Siksika man files human rights complaint against Alberta Health Services, hospital
A man from a First Nation in southern Alberta has filed a human rights complaint against the provincial health agency and a local hospital, alleging anti-Indigenous discrimination led to the death of his wife.
The complaint filed by Benedict Crow Chief of Siksika Nation says his wife, Myra Crow Chief, died in April 2022, because staff and doctors at the Strathmore District Health Services hospital failed to disclose to them that she had active abdominal bleeding.
The complaint alleges doctors knew about her condition but she was not given medication to manage her pain and was ignored by nurses.
Crow Chief wiped away tears Thursday as he described the ordeal at a news conference on the First Nation 100 kilometres east of Calgary.
"Clearly my late wife's condition was urgent. Her death was preventable. Why are our hospitals taking in patients when they're just going to discharge us without proper care and attention?" he said as he grabbed a tissue.
"Would we be treated differently if we were not Indigenous? I feel the answer is yes."
Crow Chief said his wife's last few days were filled with pain and fear.
"To this day I hear her screaming out my name," Crow Chief said.
"It really hurts. I wish no one else would have to go through what we went through. I hope no one else experiences what my wife's last days were like."
Alberta Health Services said in a statement Thursday that it is "undertaking a full quality assurance review of the care provided, as well as examining the follow-up communication provided to the family."
"While we cannot comment on this specific case as it is before the Alberta Human Rights Commission, AHS will continue to meet with Siksika Nation to discuss their concerns," the statement said.
"We are committed to working with them for the benefit and health care of all people."
The Alberta Human Rights Commission complaint says Myra Crow Chief, 49, died at Foothills Medical Centre in Calgary on April 21, 2022, days after being released from the Strathmore hospital.
Two months before her death, the woman, who also had chronic kidney disease, was at Foothills hospital due to bloody stool caused by gastrointestinal bleeding.
"While medical staff found no active bleeding at that time, Myra was advised to return to the hospital if she experienced new bleeding or was otherwise concerned," the complaint says.
It also says that the couple was reluctant to go to their local hospital when the wife woke up early on April 17, 2022, with a coughing fit that led to sudden, intense pain in her abdomen.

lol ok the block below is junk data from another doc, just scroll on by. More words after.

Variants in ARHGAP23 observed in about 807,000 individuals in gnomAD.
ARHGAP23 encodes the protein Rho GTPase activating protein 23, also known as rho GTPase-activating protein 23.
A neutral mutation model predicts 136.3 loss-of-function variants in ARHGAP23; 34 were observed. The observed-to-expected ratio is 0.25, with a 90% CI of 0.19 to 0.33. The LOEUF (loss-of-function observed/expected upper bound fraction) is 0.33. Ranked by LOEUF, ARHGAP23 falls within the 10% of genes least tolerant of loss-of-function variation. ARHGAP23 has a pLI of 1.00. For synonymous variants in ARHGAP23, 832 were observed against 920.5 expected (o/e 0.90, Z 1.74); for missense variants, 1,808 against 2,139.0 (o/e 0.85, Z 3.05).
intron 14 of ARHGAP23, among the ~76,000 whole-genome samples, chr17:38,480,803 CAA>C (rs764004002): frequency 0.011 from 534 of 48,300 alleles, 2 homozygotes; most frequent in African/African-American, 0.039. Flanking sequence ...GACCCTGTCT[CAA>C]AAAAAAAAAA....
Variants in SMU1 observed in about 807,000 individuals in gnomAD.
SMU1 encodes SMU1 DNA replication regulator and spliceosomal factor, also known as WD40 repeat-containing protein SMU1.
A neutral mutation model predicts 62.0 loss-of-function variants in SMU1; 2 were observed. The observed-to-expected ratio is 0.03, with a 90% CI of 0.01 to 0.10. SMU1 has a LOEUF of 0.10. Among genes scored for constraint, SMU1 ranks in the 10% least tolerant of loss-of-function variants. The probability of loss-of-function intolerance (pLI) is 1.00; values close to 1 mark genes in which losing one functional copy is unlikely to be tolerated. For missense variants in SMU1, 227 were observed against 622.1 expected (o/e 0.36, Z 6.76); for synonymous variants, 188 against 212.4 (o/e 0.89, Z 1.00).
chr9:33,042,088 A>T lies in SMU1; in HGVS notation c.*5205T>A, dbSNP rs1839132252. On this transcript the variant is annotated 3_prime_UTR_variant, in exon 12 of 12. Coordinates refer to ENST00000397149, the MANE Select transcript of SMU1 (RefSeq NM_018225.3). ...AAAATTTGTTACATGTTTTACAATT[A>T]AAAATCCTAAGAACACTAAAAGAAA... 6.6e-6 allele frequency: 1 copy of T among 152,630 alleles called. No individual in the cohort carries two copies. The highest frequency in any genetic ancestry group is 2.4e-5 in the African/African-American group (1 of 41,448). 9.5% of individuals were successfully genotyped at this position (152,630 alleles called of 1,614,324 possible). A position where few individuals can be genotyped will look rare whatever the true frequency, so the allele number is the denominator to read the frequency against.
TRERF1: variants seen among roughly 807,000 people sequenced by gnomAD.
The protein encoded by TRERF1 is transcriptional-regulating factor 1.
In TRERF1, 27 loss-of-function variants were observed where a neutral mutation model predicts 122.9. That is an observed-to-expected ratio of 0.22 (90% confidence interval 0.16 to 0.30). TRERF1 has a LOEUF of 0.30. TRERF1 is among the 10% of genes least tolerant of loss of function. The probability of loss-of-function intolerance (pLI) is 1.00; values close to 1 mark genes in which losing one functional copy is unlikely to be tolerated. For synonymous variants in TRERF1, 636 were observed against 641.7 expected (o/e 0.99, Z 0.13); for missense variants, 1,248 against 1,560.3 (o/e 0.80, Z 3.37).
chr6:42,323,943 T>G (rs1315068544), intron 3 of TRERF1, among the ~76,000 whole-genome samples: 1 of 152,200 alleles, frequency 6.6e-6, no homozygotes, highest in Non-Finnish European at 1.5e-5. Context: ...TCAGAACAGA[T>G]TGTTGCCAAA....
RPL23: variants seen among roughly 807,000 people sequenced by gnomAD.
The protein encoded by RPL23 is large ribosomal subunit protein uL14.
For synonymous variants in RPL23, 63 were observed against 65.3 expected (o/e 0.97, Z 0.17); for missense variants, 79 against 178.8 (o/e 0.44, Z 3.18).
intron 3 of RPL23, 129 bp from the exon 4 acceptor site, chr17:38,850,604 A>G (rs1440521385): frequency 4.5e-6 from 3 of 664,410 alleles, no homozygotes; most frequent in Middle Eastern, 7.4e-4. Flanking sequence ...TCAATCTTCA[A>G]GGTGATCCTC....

However, paramedics refused to take her to Foothills and sent her instead to the Strathmore hospital.
"Strathmore hospital is notorious within the Siksika community as a locus of systemic, anti-Indigenous discrimination," the complaint reads.
"Many Siksika members are reluctant to visit the hospital notwithstanding its proximity to the reserve. Many members choose to travel the additional distance to Calgary, even in circumstances of acute medical need, rather than risk receiving discriminatory treatment at Strathmore."
Her husband says in the complaint that he could not accompany her in the ambulance and in the hospital because no one else could look after the four young children in their care.
The complaint says a CT scan was done on Myra Crow Chief at Calgary's Peter Lougheed Centre before she was transported back to Strathmore hospital.
"For reasons that remain unclear, the doctor (at Strathmore hospital) did not inform Myra that the scan had revealed evidence an active abdominal bleed," the human rights complaint alleges.
"Nor was Myra provided with a copy of the CT scan results or given any prescription for pain medication. Instead, the doctor told Myra that her pain could be dealt with at her next dialysis session, then scheduled for the next day."
Her condition continued the deteriorate the next day, the document reads, so her husband decided to "borrow gas and parking money, arrange for a babysitter, and drive Myra directly to Foothills hospital."
The complaint says that is where she died of hypovolemic shock, a condition where severe blood loss makes the heart unable to pump enough blood to the body. It alleges the likely secondary cause of death was a hematoma in her abdominal area.
Siksika Chief Ouray Crowfoot said at Thursday's news conference that the band has been gathering information since early 2022 looking for problems its members have experienced with the health-care system.
He said Siksika members simply want equitable treatment.
"It's not just a knee-jerk announcement. It was (Myra's) passing that precipitated the human rights complaint," said Crowfoot, who noted there have been dozens of band members coming forward.
"The issues that seem to be reoccurring is some of our nation members are considered frequent flyers or simply somebody looking to receive an opioid drug prescription or something of the like."
Siksika Coun. Sam Crowfoot said there are many stories like that of Myra Crow Chief.
"What we're trying to do here is highlight a widespread system failure by the Strathmore hospital in the larger AHS system," he said.
"We are bringing added attention to a problem we know to be widespread in Canada."
Crowfoot said he hopes the human rights complaint results in real change in the system.
"We're not necessarily looking for a big lawsuit for financial gains from the province of Alberta," he said.
"The complaint calls for specific remedies such as an equity audit to investigate the inequitable treatment of Indigenous people in the Strathmore hospital and changes to hiring and retention practices and workplace anti-racism and cultural sensitivity training."
This report by The Canadian Press was first published on Sept. 28, 2023.
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